With Sam’s permission, here is her analysis, including links to the speech:

Was the acceptance speech Oprah Winfrey gave at the Golden Globes the BEST 9 minute speech … ever?

Here are my thoughts on why her talk was so masterful and meaningful. I’d love to hear what you think.

1. She showed up to serve. She was there to inspire, not to impress. This was about creating a rising tide raising all involved, not about self-aggrandizement.

2. She spoke naturally and without notes. Oprah invested the effort to memorize her talk so she could connect with her audience and speak from the heart instead of being “in her head” reading a transcript (verbatim) from a teleprompter. This freed her up to be “in the moment” and “in flow” so she could fully focus on giving the speech of a lifetime, the speech she was born to give.

3. Her content was superbly crafted and condensed. I can only imagine the weeks of preparation that went into distilling this message into an “every word matters” momentum that swept us up in its elegance and eloquence. Imagine all the things she wanted to say yet disciplined herselt to edit out.

4. There was no embellishing, no grand-standing. No try-too-hard language that rang false or self-conscious mannerisms that detracted from the message.

5. It had a reveal. Original talks delight us because they introduce something new and meaningful we weren’t aware of before. When Oprah revealed that the investigator assigned to Recy Taylor’s case was none other than … (wait for it) … Rosa Parks, there was an audible “I didn’t know that” gasp from the audience.

6. She started with WHERE. Oprah’s first words were, “In 1964, I was a little girl sitting on the linoleum floor of my mother’s house in Milwaukee watching Anne Bancroft present the Oscar for best actor at the 36th Academy Awards. She opened the envelope and said five words that literally made history: ‘The winner is Sidney Poitier.’ Up to the stage came the most elegant man I ever remembered. His tie was white, his skin was black—and he was being celebrated. I’d never seen a black man being celebrated like that. I tried many times to explain what a moment like that means to a little girl watching from the cheap seats as my mom came through the door bone tired from cleaning other people’s houses. But … ”

By putting us in the scene of WHERE she was and what it was like watching a black man receive an award, we understood the significance of her (the first black woman) receiving this award. It fleshed out what an incredible full circle Hero Journey story this is. She put us THERE by jumping right into her WHERE.

7. The truth is in the details. Oprah’s specificity of visual details not only helped us see what she was saying, it caused us to conclude she was telling the truth. We don’t believe vague stories. We wonder if the speaker is making them up, and if the speaker is making this up, what else are they making up?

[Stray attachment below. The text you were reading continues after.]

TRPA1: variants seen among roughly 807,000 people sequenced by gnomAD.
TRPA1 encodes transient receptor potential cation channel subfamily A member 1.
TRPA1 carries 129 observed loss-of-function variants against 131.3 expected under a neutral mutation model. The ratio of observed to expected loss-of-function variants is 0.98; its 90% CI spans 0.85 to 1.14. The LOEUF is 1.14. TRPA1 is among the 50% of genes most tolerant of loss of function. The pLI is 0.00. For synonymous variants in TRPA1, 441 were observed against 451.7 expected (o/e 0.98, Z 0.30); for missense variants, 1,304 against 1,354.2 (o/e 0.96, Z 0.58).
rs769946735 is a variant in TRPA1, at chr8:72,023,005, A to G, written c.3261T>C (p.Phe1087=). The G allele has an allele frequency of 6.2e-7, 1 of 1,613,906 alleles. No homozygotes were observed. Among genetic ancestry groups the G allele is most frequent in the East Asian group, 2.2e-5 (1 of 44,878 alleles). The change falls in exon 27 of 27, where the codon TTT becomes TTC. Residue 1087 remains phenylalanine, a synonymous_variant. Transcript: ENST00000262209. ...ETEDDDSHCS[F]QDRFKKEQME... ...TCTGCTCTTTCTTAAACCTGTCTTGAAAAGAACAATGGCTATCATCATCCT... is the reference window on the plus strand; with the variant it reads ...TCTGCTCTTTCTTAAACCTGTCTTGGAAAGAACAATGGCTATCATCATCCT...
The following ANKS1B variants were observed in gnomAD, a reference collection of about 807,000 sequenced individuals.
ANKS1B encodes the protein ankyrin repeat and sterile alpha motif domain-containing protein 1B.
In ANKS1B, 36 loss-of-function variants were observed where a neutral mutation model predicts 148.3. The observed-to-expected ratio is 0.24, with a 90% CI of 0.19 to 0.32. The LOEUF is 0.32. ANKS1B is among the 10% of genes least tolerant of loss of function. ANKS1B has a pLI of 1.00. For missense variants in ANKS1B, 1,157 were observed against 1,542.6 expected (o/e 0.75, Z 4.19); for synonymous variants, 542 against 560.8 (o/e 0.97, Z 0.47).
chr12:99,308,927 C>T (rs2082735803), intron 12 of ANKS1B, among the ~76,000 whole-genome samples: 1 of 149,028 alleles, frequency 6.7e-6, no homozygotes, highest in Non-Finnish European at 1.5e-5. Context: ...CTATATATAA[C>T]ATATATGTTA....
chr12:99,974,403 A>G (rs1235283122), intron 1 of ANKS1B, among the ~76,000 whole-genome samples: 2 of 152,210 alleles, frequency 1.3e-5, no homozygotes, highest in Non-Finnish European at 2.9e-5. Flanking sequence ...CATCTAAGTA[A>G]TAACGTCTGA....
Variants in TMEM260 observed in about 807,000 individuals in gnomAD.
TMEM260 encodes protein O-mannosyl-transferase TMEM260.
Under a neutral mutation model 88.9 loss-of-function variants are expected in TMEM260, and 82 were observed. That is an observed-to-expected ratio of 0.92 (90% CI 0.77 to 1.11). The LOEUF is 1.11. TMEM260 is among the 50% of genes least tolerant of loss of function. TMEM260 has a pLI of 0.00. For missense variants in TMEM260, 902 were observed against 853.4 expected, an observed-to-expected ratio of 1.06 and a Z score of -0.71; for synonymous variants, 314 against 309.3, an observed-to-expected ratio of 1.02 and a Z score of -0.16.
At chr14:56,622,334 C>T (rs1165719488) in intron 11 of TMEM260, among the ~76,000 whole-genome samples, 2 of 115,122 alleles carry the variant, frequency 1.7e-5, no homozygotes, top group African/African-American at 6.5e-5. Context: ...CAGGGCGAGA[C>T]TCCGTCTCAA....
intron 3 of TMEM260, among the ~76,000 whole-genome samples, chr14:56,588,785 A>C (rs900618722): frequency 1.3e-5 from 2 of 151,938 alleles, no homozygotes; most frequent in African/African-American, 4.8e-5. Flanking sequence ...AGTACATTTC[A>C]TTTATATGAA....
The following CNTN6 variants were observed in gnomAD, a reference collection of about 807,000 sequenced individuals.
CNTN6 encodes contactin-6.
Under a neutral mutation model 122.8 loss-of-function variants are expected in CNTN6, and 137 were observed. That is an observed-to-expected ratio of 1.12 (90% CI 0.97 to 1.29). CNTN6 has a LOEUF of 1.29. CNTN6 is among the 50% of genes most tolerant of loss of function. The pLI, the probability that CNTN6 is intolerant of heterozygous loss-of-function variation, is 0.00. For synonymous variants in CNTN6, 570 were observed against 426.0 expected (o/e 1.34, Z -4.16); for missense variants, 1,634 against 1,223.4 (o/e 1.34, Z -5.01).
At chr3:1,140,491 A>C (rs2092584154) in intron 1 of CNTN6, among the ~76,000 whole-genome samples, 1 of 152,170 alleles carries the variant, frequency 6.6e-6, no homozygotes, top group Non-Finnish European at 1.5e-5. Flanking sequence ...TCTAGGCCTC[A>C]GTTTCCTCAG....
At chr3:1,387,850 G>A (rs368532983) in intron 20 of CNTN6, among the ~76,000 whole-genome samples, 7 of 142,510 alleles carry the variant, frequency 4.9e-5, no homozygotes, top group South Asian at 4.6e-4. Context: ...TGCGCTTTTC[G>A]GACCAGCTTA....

Mark Twain talked about the importance of carefully chosen words: the difference between lightning and lightning bug. She didn’t just watch Sidney Poitier receive his award, she was sitting on the linoleum floor while she did. That one word linoleum made this story real and relatable and viscerally engaged us because we were picturing the linoleum floor of our childhood.

8. She linked historical and current events. She referenced the true story of Recy Taylor to show that brutality has been happening for decades, and then segued into what’s happening now with Recy serving as a metaphor for all people (past and present) who have suffered abuse and have not been heard, seen, recognized or respected.

9. She didn’t call people OUT, she called them UP. Instead of throwing people under the bus and making this about race or gender, (which would only have created further polarizing divisiveness), Oprah’s goal was to bring people together and galvanize us to move forward in cooperation, not conflict.

10. It featured repeatable, retweetable sound-bites and memorable memes that will take her talk viral. Her enduring one-liners “What I know for sure is that speaking your truth is the most powerful tool we all have.” “Their time is up. Their time is up.” “A new day is on the horizon.” ensure that her message will be shared on social media platforms which means it will reach even more people globally and will remain top-of-mind for a long time. And isn’t that what we want?

11. It was inclusive. She spoke of “phenomenal men who choose to listen” so this was not male-bashing. She expanded the scope of her intended audience by naming diverse industries which increased relevance and the likelihood that people from all walks of life would feel she was talking to them.